Endothelial cells line blood vessels and are crucial for maintaining proper vessel homeostasis and blood flow. They are essential for regulating thrombosis (blood clotting), vessel growth, and angiogenesis (formation of new blood vessels).
The molecular crosstalk between endothelial cells and factors in the blood and vessels regulates endothelial cell function. Factors in the blood or changes in blood flow or pressure can activate endothelial cells. In response, endothelial cells secrete various signal mediators, including nitric oxide, which causes vessel dilation.
Endothelial cells also respond to vessel damage by inducing thrombosis to prevent blood loss. Endothelial cells release platelet-activating factor or thrombin, which recruit and activate platelets to form a blood clot. Given their critical role in vascular function, endothelial cell dysregulation can have detrimental effects, leading to conditions such as atherosclerosis, hypertension, and inflammation.
Endothelial cells have been extensively studied in vitro to gain insights into both normal and pathogenic vascular states. In particular, the role of endothelial cells in angiogenesis can be modeled in vitro using a tube formation assay, where endothelial cells, such as Human Umbilical Vein Endothelial Cells (HUVECs), migrate and organize into vessel-like structures when grown on a basement membrane matrix with stimulation from pro-angiogenic factors, including VEGF. Lifeline® provides endothelial cells that have been used in these types of studies.
Lifeline® HUVECs: An In Vitro Model of Angiogenesis
Prostate-specific membrane antigen (PSMA) expression is often elevated in prostate cancer and has been used as a biomarker for prostate cancer. Interestingly, PSMA expression has been reported in the neovasculature of other cancer types, but is absent from normal vasculature.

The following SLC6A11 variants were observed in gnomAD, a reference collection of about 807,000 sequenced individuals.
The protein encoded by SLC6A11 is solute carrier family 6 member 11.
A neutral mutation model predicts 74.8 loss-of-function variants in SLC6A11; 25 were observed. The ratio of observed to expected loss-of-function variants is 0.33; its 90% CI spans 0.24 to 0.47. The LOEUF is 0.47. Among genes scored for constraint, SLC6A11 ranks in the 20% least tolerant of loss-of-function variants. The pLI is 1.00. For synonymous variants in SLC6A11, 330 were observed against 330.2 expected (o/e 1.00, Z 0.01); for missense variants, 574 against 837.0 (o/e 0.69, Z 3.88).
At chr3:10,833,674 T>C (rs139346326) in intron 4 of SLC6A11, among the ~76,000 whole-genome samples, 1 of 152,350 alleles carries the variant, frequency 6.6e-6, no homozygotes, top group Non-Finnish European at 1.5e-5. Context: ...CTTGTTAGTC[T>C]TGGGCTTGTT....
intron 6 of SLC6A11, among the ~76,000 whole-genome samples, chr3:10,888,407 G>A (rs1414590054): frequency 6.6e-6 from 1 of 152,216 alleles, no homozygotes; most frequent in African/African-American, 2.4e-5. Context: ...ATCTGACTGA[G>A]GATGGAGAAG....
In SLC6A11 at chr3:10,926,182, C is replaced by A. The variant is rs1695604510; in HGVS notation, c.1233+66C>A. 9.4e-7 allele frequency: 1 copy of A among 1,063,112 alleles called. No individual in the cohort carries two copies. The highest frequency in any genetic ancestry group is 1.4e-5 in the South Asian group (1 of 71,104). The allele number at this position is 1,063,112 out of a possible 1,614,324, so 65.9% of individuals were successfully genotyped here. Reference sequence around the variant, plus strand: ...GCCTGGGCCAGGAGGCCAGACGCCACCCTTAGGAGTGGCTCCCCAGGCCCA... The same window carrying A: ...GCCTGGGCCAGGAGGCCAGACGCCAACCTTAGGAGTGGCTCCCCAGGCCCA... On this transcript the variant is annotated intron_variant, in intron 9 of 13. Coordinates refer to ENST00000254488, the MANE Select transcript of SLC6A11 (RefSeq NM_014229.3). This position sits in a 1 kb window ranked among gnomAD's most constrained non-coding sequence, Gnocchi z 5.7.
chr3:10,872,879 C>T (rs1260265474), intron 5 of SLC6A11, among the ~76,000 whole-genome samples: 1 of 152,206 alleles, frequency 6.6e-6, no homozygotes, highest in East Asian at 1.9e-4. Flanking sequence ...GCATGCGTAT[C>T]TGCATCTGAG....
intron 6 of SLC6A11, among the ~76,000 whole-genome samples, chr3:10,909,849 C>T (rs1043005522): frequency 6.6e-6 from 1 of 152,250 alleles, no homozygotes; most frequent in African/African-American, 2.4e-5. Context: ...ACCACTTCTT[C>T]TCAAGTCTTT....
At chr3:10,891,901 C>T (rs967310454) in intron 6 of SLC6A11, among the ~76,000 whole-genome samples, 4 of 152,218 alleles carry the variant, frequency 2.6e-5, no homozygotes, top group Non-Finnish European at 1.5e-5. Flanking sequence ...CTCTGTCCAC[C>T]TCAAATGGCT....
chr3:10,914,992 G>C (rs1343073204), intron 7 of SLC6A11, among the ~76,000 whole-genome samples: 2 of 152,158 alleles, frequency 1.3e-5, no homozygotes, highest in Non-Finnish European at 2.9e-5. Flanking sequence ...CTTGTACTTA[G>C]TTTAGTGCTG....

Liu et al. used an in vitro system to investigate the induction of breast cancer-associated endothelial PSMA expression and angiogenesis. They grew Lifeline® HUVECs in Matrigel in the presence of conditioned medium from MDA-MB-231 and MCF-7 breast cancer cells, using the ability of HUVECs to form vessel-like tubes as an assay for angiogenesis. They found that conditioned medium from the more aggressive breast cancer cell line, MDA-MB-231, resulted in tube formation that was accompanied by expression of PSMA; MCF-7-conditioned medium did not induce HUVEC tube formation. These results indicate that at least one type of breast cancer cell has the ability to induce angiogenesis with endothelial PSMA expression; future studies will further define the mechanism by which this occurs and whether other cancer cell types can induce a similar PSMA-associated endothelial angiogenesis phenotype.
Bevacizumab, a recombinant humanized monoclonal antibody against vascular endothelial growth factor (VEGF), prevents the angiogenic and growth-promoting activities of VEGF, which aid in tumor metastatic spread. Yang et al. tested the efficacy of bevacizumab in uveal melanoma cells to determine whether bevacizumab could be a potential therapeutic strategy for uveal melanoma. The authors used Lifeline® Human Umbilical Vein Endothelial Cells (HUVECs) to evaluate the effect of bevacizumab on vascular endothelial cells. They found bevacizumab treatment decreased VEGF secretion by HUVECs. In addition, bevacizumab-treated HUVECs exhibited a decreased angiogenic phenotype in vitro. Finally, in an in vivo mouse model of uveal melanoma, bevacizumab decreased angiogenesis and proliferation. These results suggest that bevacizumab could be a viable therapy in uveal melanoma.
Lifeline® offers two types of HUVECs:
- HUVECs from individual donors (isolated from human umbilical cord and cryopreserved as primary cells)
- HUVECs from a 10-donor pool (isolated from human umbilical cord and cryopreserved as secondary cells)
Lifeline® HUVECs can be used to study:
- Normal endothelial cell biology and angiogenesis
- Tumor angiogenesis
- Cancer cell metastasis
- Immune cell transmigration
- Wound healing
- Endothelial cell stiffness
Tell us how you are using Lifeline® HUVECs and your research study could be featured here on our blog!